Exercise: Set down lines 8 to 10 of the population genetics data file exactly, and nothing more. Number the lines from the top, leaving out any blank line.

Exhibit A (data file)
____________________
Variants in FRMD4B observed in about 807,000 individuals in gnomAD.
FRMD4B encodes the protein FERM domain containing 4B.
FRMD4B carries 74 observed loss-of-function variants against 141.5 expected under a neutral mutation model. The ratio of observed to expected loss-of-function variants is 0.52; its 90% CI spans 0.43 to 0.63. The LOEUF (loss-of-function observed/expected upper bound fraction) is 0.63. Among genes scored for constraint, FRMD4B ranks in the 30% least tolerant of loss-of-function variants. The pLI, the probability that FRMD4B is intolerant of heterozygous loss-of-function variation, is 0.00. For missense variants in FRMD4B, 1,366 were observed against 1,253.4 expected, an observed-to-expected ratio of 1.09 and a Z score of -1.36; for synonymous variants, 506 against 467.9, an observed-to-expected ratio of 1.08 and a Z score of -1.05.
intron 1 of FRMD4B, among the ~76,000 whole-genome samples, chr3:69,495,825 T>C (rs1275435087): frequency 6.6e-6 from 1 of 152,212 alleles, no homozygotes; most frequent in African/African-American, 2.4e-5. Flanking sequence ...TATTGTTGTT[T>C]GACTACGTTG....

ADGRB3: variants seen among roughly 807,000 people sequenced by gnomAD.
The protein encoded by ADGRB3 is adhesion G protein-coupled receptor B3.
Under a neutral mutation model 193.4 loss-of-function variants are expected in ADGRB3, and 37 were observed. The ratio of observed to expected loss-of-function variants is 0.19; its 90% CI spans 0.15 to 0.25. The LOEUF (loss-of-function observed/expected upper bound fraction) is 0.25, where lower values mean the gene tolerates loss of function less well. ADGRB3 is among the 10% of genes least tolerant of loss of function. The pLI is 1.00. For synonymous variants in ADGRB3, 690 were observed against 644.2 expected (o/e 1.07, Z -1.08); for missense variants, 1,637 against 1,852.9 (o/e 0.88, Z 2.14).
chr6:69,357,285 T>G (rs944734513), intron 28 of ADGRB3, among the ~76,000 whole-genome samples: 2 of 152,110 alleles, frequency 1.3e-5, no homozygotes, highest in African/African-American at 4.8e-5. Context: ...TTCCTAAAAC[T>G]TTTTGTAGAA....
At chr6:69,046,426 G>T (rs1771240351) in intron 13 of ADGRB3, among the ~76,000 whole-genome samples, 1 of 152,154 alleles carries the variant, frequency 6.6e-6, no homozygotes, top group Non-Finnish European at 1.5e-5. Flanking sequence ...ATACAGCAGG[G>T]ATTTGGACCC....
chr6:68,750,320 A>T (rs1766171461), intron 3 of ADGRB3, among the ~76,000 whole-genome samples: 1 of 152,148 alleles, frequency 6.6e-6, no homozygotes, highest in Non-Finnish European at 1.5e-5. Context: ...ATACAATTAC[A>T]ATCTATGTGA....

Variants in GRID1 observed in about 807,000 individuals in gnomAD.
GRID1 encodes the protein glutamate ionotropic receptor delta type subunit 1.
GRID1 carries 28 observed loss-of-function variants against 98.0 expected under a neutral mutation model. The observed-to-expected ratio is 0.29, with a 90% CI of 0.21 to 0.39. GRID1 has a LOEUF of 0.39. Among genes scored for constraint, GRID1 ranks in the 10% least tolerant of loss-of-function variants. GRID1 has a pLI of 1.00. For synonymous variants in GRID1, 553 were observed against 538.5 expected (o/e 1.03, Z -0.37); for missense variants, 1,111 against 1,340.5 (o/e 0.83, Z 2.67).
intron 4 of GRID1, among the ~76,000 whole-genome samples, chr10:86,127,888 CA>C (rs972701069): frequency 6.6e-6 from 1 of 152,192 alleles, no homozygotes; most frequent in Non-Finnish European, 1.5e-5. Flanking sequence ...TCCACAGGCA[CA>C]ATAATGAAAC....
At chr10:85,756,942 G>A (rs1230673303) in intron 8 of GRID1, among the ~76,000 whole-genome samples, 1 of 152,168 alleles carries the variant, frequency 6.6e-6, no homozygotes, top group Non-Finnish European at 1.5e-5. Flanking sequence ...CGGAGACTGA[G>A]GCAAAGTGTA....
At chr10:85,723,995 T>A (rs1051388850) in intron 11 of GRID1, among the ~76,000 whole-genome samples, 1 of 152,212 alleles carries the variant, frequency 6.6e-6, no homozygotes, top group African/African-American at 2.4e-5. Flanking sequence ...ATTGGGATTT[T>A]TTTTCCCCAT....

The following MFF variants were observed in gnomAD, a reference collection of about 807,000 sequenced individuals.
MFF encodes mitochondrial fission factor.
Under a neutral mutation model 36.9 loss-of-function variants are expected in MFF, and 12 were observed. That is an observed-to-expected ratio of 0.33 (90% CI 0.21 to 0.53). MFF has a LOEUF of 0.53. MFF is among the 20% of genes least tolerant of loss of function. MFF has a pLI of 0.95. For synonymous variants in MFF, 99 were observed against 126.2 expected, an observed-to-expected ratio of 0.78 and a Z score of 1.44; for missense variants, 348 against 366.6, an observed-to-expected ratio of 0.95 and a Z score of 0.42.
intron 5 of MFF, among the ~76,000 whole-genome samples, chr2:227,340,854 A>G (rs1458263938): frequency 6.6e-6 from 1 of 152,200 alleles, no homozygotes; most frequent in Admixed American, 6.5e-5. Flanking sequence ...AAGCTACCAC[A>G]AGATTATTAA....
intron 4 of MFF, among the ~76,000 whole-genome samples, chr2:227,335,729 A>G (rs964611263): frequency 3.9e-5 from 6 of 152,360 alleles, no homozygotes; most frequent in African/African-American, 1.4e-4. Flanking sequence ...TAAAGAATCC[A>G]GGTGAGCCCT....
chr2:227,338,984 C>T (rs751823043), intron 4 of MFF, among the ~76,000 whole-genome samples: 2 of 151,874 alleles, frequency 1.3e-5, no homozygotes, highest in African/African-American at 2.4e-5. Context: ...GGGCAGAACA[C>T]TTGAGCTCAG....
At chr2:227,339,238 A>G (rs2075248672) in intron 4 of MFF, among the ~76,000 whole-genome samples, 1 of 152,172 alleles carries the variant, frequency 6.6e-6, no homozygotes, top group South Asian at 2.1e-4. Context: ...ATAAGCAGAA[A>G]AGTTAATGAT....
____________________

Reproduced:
chr6:69,357,285 T>G (rs944734513), intron 28 of ADGRB3, among the ~76,000 whole-genome samples: 2 of 152,110 alleles, frequency 1.3e-5, no homozygotes, highest in African/African-American at 4.8e-5. Context: ...TTCCTAAAAC[T>G]TTTTGTAGAA....
At chr6:69,046,426 G>T (rs1771240351) in intron 13 of ADGRB3, among the ~76,000 whole-genome samples, 1 of 152,154 alleles carries the variant, frequency 6.6e-6, no homozygotes, top group Non-Finnish European at 1.5e-5. Flanking sequence ...ATACAGCAGG[G>T]ATTTGGACCC....
chr6:68,750,320 A>T (rs1766171461), intron 3 of ADGRB3, among the ~76,000 whole-genome samples: 1 of 152,148 alleles, frequency 6.6e-6, no homozygotes, highest in Non-Finnish European at 1.5e-5. Context: ...ATACAATTAC[A>T]ATCTATGTGA....